One of the more poignant posts on social media over the holidays read, “The scariest thing about 2022 is that it’s pronounced 2020 too.”
Whether 2022, no matter how you say it, is a replica of the first year of the COVID-19 pandemic remains to be seen.
It could be worse.
It could be better.
It definitely won’t be a carbon copy because there will be more of 2021 affecting our personal and professional lives, at least in the early going this year, than 2020.
As the New Year begins, we’re dealing with Omicron, the highly transmissible variant that most of us had never heard of until about a month ago.
Stubborn inflation that rose 4.7 per cent compared to a year earlier in October and November hits hard for businesses that may need to raise prices to deal with the problem and members/clients who are also struggling with the cost of living and won’t take increased price lightly.
Unless there’s fast, significant change, labour shortages and supply chain issues could be challenges again once the 2022 season swings into high gear.
Those are some of the identifiable issues facing the golf industry in the near future, but who knows what else is coming in 2022? New Year predictions are a fool’s game anyway, but even more so this year.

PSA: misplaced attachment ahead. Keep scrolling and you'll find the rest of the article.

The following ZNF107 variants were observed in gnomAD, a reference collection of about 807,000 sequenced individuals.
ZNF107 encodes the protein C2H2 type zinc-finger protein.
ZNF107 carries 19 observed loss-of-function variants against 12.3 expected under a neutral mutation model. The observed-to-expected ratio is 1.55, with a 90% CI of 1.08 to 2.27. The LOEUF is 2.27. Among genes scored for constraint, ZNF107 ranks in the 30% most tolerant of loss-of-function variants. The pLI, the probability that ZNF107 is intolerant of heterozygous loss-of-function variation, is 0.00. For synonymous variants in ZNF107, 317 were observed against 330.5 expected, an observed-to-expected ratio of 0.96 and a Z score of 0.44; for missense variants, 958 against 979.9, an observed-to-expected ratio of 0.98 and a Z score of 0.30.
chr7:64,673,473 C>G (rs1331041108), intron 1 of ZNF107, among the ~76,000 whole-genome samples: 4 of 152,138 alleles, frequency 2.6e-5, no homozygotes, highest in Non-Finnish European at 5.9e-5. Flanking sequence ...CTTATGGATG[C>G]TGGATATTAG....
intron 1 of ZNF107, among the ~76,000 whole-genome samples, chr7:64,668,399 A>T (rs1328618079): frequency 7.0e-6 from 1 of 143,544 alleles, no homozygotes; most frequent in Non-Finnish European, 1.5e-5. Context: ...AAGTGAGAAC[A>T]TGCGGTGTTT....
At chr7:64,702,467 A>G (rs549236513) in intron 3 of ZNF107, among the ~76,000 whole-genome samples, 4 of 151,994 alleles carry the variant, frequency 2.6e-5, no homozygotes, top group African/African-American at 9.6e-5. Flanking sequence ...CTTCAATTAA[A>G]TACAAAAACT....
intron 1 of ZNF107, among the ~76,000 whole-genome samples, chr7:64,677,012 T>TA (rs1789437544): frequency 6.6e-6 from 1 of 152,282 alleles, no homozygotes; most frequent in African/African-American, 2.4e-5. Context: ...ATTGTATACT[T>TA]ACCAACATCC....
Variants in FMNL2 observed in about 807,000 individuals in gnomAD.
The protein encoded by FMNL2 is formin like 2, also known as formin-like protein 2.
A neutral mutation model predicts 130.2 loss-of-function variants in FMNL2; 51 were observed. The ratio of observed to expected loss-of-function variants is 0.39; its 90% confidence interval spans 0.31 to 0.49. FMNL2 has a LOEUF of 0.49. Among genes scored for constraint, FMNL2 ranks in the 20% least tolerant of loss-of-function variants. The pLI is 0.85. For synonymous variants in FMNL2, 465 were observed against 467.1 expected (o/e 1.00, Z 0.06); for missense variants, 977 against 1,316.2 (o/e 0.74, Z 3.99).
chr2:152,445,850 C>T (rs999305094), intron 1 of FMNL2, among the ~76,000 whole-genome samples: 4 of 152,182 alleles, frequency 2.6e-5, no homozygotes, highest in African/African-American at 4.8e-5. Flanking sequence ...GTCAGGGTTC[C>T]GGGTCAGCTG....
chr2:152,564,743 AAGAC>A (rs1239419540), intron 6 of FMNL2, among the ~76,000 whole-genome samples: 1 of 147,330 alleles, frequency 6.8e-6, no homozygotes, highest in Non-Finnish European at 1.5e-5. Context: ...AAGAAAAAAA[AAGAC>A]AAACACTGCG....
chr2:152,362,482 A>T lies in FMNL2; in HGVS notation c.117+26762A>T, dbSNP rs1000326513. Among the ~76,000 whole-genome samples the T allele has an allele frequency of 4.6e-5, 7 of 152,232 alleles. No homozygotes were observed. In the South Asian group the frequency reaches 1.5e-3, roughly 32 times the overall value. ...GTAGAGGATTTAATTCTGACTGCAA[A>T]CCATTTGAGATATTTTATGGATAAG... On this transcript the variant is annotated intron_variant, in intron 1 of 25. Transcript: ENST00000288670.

A good example of how things can change during this pandemic, think back to the beginning of December. Had you even heard of Omicron?
Yet, look at the sudden impact it had on the holidays, which were shaping up to be more traditional, at least compared to last year when vaccines were just starting to roll out.
With the majority of us getting one, two or even three jabs in 2021, it seemed as if life was getting closer to normal until Omicron forced capacity limits, travel restrictions, etc., once again.
The year ahead is shaping up to be just as unpredictable.
Inflation and supply chain issues could be as prevalent, or a new strain could appear just as Omicron did, or something that has nothing to do with COVID could affect our operations such as the extreme heat, wildfires, air quality issues, tornados and flooding that hit British Columbia.
It may not be all negative. The vaccinations and booster shots we’ve been taking appear to be reducing the severity of COVID, but there are no guarantees. Circumstances have been changing quickly these past couple of years and this one will be no different.
The only thing certain is uncertainty, but whatever happens over the next 12 months is that the golf industry has thrived these past two years and will continue to do so as long as it’s able to adapt quickly.